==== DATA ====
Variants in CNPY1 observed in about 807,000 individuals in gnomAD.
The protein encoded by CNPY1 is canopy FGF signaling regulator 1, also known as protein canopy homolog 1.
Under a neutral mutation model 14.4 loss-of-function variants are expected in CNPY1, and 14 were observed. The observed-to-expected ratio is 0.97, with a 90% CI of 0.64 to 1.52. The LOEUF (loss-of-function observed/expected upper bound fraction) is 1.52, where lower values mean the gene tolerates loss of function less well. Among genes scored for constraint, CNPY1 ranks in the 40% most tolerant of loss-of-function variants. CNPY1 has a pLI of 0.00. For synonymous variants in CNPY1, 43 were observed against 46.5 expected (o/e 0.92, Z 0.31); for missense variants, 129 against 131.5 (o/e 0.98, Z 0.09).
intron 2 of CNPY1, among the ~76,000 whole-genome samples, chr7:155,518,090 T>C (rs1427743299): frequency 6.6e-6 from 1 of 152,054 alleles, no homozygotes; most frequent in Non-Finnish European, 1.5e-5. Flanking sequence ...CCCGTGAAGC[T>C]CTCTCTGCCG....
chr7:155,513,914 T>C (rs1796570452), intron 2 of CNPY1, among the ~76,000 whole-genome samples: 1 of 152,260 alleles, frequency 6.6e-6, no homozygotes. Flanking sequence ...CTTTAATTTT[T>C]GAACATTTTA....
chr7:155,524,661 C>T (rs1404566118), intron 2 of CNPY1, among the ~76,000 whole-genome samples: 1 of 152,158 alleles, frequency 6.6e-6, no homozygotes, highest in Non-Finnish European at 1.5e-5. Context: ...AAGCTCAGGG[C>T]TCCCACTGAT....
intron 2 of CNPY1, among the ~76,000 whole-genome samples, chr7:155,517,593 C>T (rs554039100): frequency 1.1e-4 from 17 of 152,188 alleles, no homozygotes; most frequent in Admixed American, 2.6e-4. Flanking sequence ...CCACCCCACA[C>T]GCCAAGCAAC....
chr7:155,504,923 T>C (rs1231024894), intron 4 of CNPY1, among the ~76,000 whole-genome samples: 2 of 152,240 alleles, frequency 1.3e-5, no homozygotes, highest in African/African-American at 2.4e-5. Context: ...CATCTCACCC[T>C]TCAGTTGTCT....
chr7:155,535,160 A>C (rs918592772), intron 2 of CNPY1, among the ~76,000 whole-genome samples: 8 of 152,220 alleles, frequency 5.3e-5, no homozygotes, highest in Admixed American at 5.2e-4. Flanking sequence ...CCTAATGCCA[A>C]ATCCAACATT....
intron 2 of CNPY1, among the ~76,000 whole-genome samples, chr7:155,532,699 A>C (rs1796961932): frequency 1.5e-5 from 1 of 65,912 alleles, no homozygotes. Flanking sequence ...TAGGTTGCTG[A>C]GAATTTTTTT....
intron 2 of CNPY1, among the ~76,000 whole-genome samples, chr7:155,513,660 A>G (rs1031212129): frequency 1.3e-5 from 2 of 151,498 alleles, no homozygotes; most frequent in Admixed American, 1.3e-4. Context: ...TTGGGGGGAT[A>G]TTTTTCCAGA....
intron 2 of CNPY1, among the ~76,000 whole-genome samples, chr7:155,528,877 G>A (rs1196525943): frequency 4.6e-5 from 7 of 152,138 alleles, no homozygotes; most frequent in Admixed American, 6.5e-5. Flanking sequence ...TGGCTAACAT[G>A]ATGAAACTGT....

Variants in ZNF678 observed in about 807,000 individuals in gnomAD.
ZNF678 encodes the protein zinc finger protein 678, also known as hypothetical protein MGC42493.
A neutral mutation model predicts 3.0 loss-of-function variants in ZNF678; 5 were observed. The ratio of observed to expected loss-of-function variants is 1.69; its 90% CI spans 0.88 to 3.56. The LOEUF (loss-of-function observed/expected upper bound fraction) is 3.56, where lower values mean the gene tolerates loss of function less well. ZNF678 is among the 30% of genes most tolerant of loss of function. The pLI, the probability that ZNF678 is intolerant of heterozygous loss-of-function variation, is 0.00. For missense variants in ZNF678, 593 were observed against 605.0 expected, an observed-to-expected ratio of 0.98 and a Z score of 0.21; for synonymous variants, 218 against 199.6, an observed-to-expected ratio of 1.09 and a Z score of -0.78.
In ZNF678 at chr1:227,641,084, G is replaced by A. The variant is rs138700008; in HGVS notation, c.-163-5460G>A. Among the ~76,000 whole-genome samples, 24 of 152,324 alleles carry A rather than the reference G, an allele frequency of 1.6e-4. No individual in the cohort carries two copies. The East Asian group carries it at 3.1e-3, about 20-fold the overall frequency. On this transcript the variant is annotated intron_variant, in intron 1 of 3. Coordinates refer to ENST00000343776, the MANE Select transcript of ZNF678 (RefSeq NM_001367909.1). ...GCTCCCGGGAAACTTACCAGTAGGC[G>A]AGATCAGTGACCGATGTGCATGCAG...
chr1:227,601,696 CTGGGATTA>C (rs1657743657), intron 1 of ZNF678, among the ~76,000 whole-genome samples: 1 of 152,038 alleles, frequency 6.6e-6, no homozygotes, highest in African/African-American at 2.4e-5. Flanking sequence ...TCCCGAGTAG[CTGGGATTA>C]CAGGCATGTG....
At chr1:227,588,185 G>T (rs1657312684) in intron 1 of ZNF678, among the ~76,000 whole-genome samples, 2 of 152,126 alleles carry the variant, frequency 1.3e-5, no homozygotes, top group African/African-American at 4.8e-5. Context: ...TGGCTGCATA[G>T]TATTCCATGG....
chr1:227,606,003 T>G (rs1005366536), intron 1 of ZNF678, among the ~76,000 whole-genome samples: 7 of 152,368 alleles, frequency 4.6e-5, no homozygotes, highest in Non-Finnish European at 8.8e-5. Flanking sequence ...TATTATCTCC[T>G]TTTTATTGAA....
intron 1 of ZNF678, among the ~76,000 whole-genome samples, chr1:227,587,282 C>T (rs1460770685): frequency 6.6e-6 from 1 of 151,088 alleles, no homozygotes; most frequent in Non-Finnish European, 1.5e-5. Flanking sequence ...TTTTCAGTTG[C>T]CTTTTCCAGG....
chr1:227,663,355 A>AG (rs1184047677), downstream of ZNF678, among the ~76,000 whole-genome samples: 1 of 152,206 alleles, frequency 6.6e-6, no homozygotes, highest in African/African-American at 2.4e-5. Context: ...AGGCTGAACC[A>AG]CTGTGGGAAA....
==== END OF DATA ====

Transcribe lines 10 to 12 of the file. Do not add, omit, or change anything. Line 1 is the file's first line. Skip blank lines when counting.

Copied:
intron 2 of CNPY1, among the ~76,000 whole-genome samples, chr7:155,532,699 A>C (rs1796961932): frequency 1.5e-5 from 1 of 65,912 alleles, no homozygotes. Flanking sequence ...TAGGTTGCTG[A>C]GAATTTTTTT....
intron 2 of CNPY1, among the ~76,000 whole-genome samples, chr7:155,513,660 A>G (rs1031212129): frequency 1.3e-5 from 2 of 151,498 alleles, no homozygotes; most frequent in Admixed American, 1.3e-4. Context: ...TTGGGGGGAT[A>G]TTTTTCCAGA....
intron 2 of CNPY1, among the ~76,000 whole-genome samples, chr7:155,528,877 G>A (rs1196525943): frequency 4.6e-5 from 7 of 152,138 alleles, no homozygotes; most frequent in Admixed American, 6.5e-5. Flanking sequence ...TGGCTAACAT[G>A]ATGAAACTGT....